How did Gucci become carbon-neutral?

Last year Gucci made a shocking proclamation: it is a carbon-neutral brand. Perhaps it shouldn’t have been so surprising, though, since Gucci has been a leader in environmentally sustainable fashion. Nonetheless, fashion insiders were excited and curious to determine what carbon-neutralizing entailed and what other sustainability plans Gucci has in store.

In September 2019, Gucci declared that it is carbon-neutral in its own operations and across its supply chain.

This stunning declaration was possible thanks to Gucci’s efforts first to avoid and reduce greenhouse gas emissions, followed by offsetting projects that the luxury brand started funding in 2018. According to Gucci, it supports four Reducing Emissions from Deforestation and forest Degradation (REDD+) projects. Those carbon offsetting projects occur in Cambodia, Indonesia, Kenya, and Peru, and in 2018, Gucci claims that it protected 1,102,000 hectares of forest. Carbon offsetting is a common, but sometimes criticized, practice for companies looking to go carbon-neutral, and Gucci received its fair share of skepticism from journalists and environmentalists when it revealed its extensive reliance on offsetting. However, the brand has also garnered praise for going carbon-neutral. Mainly the praise resulted from Gucci being one of the first big-name, global brands to neutralize its greenhouse gas emissions, but it also came from environmentalists who were happy to see the brand taking responsibility for its supply chain emissions as well as direct emissions. Most companies that have claimed to be carbon-neutral are speaking about their own operations and not considering the emissions that come from manufacturers and suppliers. In the fashion industry, the supply chain is where most emissions come from, so brands that don’t put in the time, money, and effort to neutralize them but still market themselves as carbon-neutral are misleading consumers. Gucci proved that the brand is not interested in just appearing environmentally sustainable for the good press.

Gucci wants to create “a world in equilibrium.”

In June 2018, the luxury brand launched an online platform, Gucci Equilibrium, to “generate positive change for people and our planet.” The platform encourages fashion consumers to be creative and collaborative with each other to achieve environmental and social sustainability. Gucci also has a real plan to achieve environmental sustainability, a ten-year plan. Outlined by Gucci CEO Marco Bizzarri in 2017, the plan includes ideas such as developing new material sourcing solutions and further decreasing greenhouse gas emissions. The next milestone in the plan will occur at the end of this year, when Gucci is supposed to be using 100% renewable energy. If the fashion house can still meet that goal, despite the difficulties this year has brought the industry, the future looks bright and sustainable for Gucci.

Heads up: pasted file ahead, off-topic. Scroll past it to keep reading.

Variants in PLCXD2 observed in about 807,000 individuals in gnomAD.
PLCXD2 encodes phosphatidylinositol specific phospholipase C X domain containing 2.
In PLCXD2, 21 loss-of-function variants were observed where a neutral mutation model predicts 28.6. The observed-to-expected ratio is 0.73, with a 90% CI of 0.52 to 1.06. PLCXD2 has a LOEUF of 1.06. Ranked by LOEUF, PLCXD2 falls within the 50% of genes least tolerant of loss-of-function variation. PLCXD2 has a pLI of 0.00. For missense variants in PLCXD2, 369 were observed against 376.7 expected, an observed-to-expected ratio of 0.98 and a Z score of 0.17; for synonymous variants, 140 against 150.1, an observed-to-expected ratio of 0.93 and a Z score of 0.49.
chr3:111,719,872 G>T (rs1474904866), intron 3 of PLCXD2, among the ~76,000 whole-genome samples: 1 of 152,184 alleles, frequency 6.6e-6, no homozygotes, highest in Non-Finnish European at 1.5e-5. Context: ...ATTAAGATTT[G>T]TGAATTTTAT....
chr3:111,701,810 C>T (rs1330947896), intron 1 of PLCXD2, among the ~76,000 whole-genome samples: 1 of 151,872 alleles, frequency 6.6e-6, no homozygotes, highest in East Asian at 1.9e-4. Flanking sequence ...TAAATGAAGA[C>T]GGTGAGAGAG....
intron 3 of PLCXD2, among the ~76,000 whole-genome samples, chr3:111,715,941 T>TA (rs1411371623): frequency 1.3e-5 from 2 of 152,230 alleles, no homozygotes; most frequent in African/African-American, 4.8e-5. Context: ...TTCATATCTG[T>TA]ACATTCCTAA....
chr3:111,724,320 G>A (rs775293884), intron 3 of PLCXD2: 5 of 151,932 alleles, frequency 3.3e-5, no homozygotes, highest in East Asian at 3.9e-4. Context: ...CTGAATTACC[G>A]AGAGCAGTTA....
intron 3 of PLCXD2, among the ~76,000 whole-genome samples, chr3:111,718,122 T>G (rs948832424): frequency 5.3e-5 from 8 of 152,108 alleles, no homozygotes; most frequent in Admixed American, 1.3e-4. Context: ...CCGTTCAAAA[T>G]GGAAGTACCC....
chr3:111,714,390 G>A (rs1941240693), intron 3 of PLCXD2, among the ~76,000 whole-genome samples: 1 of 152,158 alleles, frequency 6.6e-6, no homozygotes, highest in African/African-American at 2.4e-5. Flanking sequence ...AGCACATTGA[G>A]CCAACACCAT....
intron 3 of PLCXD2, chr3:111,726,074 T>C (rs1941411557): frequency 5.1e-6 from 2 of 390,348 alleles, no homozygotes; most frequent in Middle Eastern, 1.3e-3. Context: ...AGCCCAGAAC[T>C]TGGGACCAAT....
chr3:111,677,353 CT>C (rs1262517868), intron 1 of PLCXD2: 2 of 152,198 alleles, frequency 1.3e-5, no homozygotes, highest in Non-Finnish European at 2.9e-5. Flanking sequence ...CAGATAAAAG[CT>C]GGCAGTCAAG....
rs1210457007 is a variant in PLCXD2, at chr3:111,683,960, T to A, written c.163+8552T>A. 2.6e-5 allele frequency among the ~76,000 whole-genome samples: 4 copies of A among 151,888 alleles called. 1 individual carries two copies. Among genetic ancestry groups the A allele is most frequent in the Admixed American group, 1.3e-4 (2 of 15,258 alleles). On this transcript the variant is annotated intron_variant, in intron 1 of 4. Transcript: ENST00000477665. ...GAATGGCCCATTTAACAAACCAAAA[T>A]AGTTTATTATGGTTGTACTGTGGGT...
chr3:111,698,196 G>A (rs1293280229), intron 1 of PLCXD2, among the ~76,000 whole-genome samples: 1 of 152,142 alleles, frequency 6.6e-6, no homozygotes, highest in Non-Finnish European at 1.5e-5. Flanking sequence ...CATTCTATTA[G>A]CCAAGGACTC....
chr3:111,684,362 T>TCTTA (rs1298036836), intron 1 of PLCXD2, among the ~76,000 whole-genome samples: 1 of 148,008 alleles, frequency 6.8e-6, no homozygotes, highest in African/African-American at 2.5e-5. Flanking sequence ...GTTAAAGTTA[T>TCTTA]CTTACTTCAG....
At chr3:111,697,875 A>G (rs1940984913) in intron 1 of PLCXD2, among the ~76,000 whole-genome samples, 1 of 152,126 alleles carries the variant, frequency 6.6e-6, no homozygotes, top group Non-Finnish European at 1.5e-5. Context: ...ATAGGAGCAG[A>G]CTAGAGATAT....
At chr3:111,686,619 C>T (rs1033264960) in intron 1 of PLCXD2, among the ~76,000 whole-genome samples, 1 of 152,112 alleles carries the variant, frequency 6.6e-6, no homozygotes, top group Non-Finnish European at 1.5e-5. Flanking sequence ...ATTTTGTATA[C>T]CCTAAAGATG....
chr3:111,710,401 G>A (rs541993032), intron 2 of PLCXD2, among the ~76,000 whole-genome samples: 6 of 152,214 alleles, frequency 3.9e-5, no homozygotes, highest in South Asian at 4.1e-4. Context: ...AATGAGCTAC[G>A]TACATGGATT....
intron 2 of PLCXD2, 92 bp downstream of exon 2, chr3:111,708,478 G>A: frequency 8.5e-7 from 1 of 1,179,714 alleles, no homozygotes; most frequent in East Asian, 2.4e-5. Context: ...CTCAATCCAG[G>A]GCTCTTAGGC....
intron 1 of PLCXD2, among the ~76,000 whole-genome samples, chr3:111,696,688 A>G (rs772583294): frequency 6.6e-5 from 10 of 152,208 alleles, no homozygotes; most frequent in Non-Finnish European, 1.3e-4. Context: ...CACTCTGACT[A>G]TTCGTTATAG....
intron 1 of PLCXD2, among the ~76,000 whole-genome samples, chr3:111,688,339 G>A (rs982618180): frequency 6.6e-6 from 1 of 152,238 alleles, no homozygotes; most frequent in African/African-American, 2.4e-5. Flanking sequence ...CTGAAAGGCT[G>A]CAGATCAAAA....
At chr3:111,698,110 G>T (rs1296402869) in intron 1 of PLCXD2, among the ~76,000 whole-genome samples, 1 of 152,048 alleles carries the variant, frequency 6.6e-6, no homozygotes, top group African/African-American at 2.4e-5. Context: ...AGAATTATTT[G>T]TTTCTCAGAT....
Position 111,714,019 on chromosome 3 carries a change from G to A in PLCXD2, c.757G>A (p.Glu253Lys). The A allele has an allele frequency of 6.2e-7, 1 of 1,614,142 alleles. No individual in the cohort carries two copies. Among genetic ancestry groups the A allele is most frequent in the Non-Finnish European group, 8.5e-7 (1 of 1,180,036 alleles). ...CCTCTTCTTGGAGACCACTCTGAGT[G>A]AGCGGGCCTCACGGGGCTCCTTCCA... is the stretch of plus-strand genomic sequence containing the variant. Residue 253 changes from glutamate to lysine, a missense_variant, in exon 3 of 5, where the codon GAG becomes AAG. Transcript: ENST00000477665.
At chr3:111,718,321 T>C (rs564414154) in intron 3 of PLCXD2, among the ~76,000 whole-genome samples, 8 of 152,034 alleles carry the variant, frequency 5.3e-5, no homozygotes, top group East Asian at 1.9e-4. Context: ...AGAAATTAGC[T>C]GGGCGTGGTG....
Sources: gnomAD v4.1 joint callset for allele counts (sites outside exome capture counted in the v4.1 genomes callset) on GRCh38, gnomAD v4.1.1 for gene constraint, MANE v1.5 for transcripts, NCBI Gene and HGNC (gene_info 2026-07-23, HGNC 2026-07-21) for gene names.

The luxury fashion house is on a mission to separate itself from LVMH and fast fashion brands.

Kering, the group that owns Gucci, was declared the most sustainable fashion company in the world and one of the most sustainable companies across all industries, according to Corporate Knights’ 2019 Global 100 Index. This is an impressive feat for the fashion group and troubling news for its leading competitor, LVMH. While LVMH is more sizable than Kering, it has fallen behind in sustainability. This could potentially have negative consequences for LVMH and its brands as sustainability, and transparency regarding sustainability, become more sought after by consumers. Earlier this year, Antoine Arnault, representing LVMH, spoke with other fashion industry leaders during a New York Times webinar about the future of fashion. He came off noticeably more dismissive of the importance of sustainability than his colleagues and blamed fast fashion instead. Unfortunately for LVMH, the fight against fast fashion is another area where Gucci, and Kering, are ahead. Gucci Equilibrium and the brand’s recent digital presentation, GucciFest, are geared towards younger consumers, one of fast fashion’s most dependable audiences. Among luxury fashion houses, Gucci is the most preferred brand for Millennials and Gen Z, according to Business Insider, suggesting a promising future for the 100-year-old company.

The Bottom Line:

The term “carbon-neutral” has been thrown around a lot recently. Hundreds of large, international companies and even a few countries have pledged to become carbon-neutral in the coming years. Meanwhile, Gucci has already achieved carbon neutrality, and the fashion house isn’t stopping there. Gucci and its parent company, Kering, are leading the way in environmentally sustainable fashion, and hopefully, the rest of the industry will follow.